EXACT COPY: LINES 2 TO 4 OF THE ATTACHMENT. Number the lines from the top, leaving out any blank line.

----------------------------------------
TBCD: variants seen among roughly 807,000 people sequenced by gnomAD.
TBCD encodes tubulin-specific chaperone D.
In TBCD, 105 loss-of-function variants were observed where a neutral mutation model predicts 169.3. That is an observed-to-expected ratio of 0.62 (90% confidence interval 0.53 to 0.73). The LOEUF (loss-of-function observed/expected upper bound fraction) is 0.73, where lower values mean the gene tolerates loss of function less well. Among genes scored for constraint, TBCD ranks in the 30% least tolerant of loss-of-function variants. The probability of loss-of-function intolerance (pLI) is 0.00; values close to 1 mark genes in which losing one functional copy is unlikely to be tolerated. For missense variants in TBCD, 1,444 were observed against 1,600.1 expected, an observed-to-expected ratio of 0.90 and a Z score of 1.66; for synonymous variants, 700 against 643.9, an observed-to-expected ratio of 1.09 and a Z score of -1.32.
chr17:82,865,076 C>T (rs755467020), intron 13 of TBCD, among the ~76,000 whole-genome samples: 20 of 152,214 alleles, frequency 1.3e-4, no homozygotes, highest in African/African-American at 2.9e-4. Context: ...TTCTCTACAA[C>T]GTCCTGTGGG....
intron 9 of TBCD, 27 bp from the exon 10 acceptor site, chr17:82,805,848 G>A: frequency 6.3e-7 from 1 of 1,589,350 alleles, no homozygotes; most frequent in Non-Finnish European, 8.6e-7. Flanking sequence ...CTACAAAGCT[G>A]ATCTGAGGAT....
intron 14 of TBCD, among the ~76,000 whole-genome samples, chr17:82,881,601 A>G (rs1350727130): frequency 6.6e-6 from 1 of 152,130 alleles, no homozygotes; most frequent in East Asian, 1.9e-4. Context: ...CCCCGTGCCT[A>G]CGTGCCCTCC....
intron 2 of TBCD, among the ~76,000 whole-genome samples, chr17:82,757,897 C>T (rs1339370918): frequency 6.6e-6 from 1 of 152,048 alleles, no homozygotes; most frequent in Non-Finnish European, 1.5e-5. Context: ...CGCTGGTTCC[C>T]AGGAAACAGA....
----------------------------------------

TBCD encodes tubulin-specific chaperone D.
In TBCD, 105 loss-of-function variants were observed where a neutral mutation model predicts 169.3. That is an observed-to-expected ratio of 0.62 (90% confidence interval 0.53 to 0.73). The LOEUF (loss-of-function observed/expected upper bound fraction) is 0.73, where lower values mean the gene tolerates loss of function less well. Among genes scored for constraint, TBCD ranks in the 30% least tolerant of loss-of-function variants. The probability of loss-of-function intolerance (pLI) is 0.00; values close to 1 mark genes in which losing one functional copy is unlikely to be tolerated. For missense variants in TBCD, 1,444 were observed against 1,600.1 expected, an observed-to-expected ratio of 0.90 and a Z score of 1.66; for synonymous variants, 700 against 643.9, an observed-to-expected ratio of 1.09 and a Z score of -1.32.
chr17:82,865,076 C>T (rs755467020), intron 13 of TBCD, among the ~76,000 whole-genome samples: 20 of 152,214 alleles, frequency 1.3e-4, no homozygotes, highest in African/African-American at 2.9e-4. Context: ...TTCTCTACAA[C>T]GTCCTGTGGG....